This blog post is a new chapter, just added to my book, Do You Want To Be a (Better) Manager.

One of the (few) advantages of growing old is gaining historical perspective, something sorely lacking in the computing business. Almost a lifetime ago, I wrote an article about the future dangers of better estimating. I wondered recently if any of my predictions came to pass.

Back then, Tom DeMarco sent me a free copy of his book, Controlling Software Projects: Management, Measurement and Estimation. Unfortunately, I packed it in my bike bag with some takeout barbecue, and I had a little accident. Tom, being a generous man, gave me a second copy to replace the barbecued one.

Because Tom was so generous, I felt obliged to read the book, which proved quite palatable even without sauce. In the book, Tom was quite careful to point out that software development was a long way form maturity, so I was surprised to see an article of his entitled "Software Development—A Coming of Age." Had something happened in less than a year to bring our industry to full growth?

As it turned out, the title was apparently a headline writer's imprecision, based on the following statement in the article:

"In order for the business of software to come of age, we shall have to make some major improvements in our quantitative skills. In the last two years, the beginnings of a coherent quantitative discipline have begun to emerge…"

The article was not about the coming of age of software development, but a survey of the state of software project estimation. After reviewing the work of Barry Boehm, Victor Basili, Capers Jones, and Lawrence Putnam, DeMarco stated that this work

"…provides a framework for analysis of the quantitative parameters of software projects. But none of the four authors addresses entirely the problem of synthesizing this framework into an acceptable answer to the practical question: How do I structure my organization and run my projects in order to maintain reasonable quantitative control?"

As I said before, Tom is generous person. He's also smart. If he held such reservations about the progress of software development, I'd believe him, and not the headline writer. Back then, software development had a long way to go before coming of age.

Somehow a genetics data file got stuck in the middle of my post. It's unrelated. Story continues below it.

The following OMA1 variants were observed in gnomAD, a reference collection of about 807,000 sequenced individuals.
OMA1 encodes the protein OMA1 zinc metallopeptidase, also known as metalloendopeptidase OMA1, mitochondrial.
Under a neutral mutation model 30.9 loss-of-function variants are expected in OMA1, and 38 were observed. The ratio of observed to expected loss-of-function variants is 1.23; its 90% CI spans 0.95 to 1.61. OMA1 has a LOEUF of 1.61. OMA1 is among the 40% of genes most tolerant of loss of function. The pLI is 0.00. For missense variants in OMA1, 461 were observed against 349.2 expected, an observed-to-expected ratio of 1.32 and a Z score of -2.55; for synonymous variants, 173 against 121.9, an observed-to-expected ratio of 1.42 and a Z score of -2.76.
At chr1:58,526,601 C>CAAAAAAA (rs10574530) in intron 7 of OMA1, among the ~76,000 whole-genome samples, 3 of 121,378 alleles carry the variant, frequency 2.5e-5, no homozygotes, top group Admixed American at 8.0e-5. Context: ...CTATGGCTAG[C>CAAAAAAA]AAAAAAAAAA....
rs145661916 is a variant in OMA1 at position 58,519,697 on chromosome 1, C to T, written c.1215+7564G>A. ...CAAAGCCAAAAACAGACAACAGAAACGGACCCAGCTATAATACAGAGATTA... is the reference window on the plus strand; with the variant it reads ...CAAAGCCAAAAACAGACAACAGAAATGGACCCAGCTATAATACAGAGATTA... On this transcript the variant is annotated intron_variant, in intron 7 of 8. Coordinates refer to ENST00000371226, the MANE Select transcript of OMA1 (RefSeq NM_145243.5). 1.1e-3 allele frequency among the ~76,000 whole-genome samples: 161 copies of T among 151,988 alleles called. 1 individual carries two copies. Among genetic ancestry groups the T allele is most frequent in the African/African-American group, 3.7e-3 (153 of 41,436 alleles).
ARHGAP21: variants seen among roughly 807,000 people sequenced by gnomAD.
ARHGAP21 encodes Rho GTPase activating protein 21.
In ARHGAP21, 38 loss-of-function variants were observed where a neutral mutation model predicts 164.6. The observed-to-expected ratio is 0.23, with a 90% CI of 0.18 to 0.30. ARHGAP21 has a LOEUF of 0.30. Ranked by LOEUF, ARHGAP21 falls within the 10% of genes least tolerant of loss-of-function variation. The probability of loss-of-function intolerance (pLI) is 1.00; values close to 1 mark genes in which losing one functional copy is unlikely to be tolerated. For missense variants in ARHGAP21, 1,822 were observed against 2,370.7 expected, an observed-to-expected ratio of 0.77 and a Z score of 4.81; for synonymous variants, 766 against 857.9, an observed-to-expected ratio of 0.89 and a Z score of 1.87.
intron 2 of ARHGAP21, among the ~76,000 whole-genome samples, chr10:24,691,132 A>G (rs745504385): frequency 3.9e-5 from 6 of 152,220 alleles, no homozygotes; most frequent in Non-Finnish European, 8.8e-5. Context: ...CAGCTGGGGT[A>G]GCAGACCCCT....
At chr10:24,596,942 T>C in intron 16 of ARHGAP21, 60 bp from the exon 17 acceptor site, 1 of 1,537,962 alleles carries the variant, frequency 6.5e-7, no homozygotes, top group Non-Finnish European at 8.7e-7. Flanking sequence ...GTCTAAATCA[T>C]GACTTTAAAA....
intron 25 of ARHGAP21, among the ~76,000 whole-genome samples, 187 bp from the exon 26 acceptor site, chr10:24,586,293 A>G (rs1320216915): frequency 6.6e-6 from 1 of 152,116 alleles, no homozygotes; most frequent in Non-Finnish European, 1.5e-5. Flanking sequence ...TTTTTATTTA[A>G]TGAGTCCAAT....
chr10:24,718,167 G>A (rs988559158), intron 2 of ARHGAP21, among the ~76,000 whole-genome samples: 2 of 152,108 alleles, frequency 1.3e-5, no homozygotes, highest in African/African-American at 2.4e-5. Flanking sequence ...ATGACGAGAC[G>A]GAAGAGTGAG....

Anyway, what does it mean to "come of age"? When you come of age, you stop spilling barbecue sauce on books. You also stop making extravagant claims about your abilities. In fact, if someone keeps bragging about how they've come of age, you know they haven't. We could apply that criterion to software development, which has been bragging about it's impending maturity now for over forty years.

Estimates can become standards

One part of coming of age is learning to appraise your own abilities accurately—in other words, to estimate. When we learn to estimate software projects accurately, we'll certainly be a step closer to maturity—but not, by any means, the whole way. For instance, I know that I'm a klutz, and I can measure my klutziness with high reliability. To at least two decimal places, I can estimate the likelihood that I'll spill barbecue sauce on a book—but that hardly qualifies me as grown up.

The mature person can not only estimate performance, but also perform at some reasonably high level. Estimating is a means mature people use to help gain high performance, but sometimes we make the mistake of substituting means for ends. When I was in high school, my gym teacher estimated that only one out of a hundred boys in the school would be able to run a mile in under ten minutes. When he actually tested us, only 13 out of 1,200 boys were able to do this well. One percent was an accurate estimate, but was it an acceptable goal for the fitness of high school boys? (Back in those days, the majority of us boys were smokers.)